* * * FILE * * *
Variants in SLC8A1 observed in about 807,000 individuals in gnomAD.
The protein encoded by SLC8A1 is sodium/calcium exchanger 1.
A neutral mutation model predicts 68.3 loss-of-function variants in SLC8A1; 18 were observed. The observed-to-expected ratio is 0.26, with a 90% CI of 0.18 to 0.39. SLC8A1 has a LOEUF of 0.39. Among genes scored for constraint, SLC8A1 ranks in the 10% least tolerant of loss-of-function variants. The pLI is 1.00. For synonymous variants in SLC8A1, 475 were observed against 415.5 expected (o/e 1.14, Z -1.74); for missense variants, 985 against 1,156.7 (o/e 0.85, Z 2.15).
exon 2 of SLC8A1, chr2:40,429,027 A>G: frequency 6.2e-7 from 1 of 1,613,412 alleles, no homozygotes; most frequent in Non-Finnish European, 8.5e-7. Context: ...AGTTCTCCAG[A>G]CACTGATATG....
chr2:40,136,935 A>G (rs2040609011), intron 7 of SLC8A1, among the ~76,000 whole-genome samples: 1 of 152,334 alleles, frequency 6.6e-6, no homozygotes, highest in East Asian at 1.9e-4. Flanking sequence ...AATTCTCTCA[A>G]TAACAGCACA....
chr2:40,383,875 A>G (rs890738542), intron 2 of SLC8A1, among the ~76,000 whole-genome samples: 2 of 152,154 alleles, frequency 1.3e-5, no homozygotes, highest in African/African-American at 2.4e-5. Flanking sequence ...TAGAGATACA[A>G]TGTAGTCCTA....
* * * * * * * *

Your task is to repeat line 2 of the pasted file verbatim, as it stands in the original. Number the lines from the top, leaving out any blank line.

The protein encoded by SLC8A1 is sodium/calcium exchanger 1.